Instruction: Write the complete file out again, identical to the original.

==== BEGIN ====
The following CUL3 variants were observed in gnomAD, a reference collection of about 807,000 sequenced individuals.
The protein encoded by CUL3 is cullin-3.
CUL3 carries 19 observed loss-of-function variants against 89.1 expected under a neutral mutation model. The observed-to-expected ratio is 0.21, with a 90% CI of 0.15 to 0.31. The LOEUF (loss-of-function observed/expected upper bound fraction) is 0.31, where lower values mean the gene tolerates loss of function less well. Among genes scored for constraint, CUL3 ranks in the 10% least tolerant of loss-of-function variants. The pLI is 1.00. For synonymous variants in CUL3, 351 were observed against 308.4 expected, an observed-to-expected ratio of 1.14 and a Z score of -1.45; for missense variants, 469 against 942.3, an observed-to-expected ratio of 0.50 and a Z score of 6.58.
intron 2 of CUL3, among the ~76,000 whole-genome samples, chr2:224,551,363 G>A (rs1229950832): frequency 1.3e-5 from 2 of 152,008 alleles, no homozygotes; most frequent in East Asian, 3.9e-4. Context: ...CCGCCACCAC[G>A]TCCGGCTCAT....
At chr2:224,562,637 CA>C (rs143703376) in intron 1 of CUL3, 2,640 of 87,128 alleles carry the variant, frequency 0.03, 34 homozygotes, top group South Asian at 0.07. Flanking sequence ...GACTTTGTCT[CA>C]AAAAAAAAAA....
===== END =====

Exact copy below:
The following CUL3 variants were observed in gnomAD, a reference collection of about 807,000 sequenced individuals.
The protein encoded by CUL3 is cullin-3.
CUL3 carries 19 observed loss-of-function variants against 89.1 expected under a neutral mutation model. The observed-to-expected ratio is 0.21, with a 90% CI of 0.15 to 0.31. The LOEUF (loss-of-function observed/expected upper bound fraction) is 0.31, where lower values mean the gene tolerates loss of function less well. Among genes scored for constraint, CUL3 ranks in the 10% least tolerant of loss-of-function variants. The pLI is 1.00. For synonymous variants in CUL3, 351 were observed against 308.4 expected, an observed-to-expected ratio of 1.14 and a Z score of -1.45; for missense variants, 469 against 942.3, an observed-to-expected ratio of 0.50 and a Z score of 6.58.
intron 2 of CUL3, among the ~76,000 whole-genome samples, chr2:224,551,363 G>A (rs1229950832): frequency 1.3e-5 from 2 of 152,008 alleles, no homozygotes; most frequent in East Asian, 3.9e-4. Context: ...CCGCCACCAC[G>A]TCCGGCTCAT....
At chr2:224,562,637 CA>C (rs143703376) in intron 1 of CUL3, 2,640 of 87,128 alleles carry the variant, frequency 0.03, 34 homozygotes, top group South Asian at 0.07. Flanking sequence ...GACTTTGTCT[CA>C]AAAAAAAAAA....